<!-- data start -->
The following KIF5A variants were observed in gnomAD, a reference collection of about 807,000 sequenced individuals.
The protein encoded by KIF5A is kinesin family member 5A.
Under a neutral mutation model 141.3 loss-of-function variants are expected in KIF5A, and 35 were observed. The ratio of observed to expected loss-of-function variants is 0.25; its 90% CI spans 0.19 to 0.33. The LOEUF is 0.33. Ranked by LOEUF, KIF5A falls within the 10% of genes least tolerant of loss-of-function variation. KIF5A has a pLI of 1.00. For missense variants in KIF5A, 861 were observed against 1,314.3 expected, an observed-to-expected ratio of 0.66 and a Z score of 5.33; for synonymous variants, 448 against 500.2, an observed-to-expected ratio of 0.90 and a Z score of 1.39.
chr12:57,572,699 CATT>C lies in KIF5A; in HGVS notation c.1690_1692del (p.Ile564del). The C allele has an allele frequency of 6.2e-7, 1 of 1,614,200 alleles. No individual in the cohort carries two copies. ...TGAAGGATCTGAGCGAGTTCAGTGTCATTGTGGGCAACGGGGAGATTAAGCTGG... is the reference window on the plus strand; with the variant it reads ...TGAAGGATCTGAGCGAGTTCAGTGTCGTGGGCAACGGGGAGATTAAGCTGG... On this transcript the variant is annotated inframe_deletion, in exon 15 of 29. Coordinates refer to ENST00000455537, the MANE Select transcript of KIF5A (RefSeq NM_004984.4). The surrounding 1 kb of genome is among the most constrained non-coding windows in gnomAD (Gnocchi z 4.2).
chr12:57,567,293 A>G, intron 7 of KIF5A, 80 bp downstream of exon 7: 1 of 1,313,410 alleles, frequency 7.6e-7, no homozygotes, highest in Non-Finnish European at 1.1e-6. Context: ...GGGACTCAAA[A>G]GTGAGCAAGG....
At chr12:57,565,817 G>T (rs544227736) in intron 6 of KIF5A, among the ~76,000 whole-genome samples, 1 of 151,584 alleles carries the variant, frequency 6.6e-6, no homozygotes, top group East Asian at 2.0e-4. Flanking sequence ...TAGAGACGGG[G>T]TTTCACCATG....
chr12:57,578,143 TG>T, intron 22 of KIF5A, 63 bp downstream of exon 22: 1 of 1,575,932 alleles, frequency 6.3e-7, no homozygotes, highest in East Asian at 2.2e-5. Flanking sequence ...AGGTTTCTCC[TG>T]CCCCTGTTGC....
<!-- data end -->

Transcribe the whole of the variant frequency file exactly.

The following KIF5A variants were observed in gnomAD, a reference collection of about 807,000 sequenced individuals.
The protein encoded by KIF5A is kinesin family member 5A.
Under a neutral mutation model 141.3 loss-of-function variants are expected in KIF5A, and 35 were observed. The ratio of observed to expected loss-of-function variants is 0.25; its 90% CI spans 0.19 to 0.33. The LOEUF is 0.33. Ranked by LOEUF, KIF5A falls within the 10% of genes least tolerant of loss-of-function variation. KIF5A has a pLI of 1.00. For missense variants in KIF5A, 861 were observed against 1,314.3 expected, an observed-to-expected ratio of 0.66 and a Z score of 5.33; for synonymous variants, 448 against 500.2, an observed-to-expected ratio of 0.90 and a Z score of 1.39.
chr12:57,572,699 CATT>C lies in KIF5A; in HGVS notation c.1690_1692del (p.Ile564del). The C allele has an allele frequency of 6.2e-7, 1 of 1,614,200 alleles. No individual in the cohort carries two copies. ...TGAAGGATCTGAGCGAGTTCAGTGTCATTGTGGGCAACGGGGAGATTAAGCTGG... is the reference window on the plus strand; with the variant it reads ...TGAAGGATCTGAGCGAGTTCAGTGTCGTGGGCAACGGGGAGATTAAGCTGG... On this transcript the variant is annotated inframe_deletion, in exon 15 of 29. Coordinates refer to ENST00000455537, the MANE Select transcript of KIF5A (RefSeq NM_004984.4). The surrounding 1 kb of genome is among the most constrained non-coding windows in gnomAD (Gnocchi z 4.2).
chr12:57,567,293 A>G, intron 7 of KIF5A, 80 bp downstream of exon 7: 1 of 1,313,410 alleles, frequency 7.6e-7, no homozygotes, highest in Non-Finnish European at 1.1e-6. Context: ...GGGACTCAAA[A>G]GTGAGCAAGG....
At chr12:57,565,817 G>T (rs544227736) in intron 6 of KIF5A, among the ~76,000 whole-genome samples, 1 of 151,584 alleles carries the variant, frequency 6.6e-6, no homozygotes, top group East Asian at 2.0e-4. Flanking sequence ...TAGAGACGGG[G>T]TTTCACCATG....
chr12:57,578,143 TG>T, intron 22 of KIF5A, 63 bp downstream of exon 22: 1 of 1,575,932 alleles, frequency 6.3e-7, no homozygotes, highest in East Asian at 2.2e-5. Flanking sequence ...AGGTTTCTCC[TG>T]CCCCTGTTGC....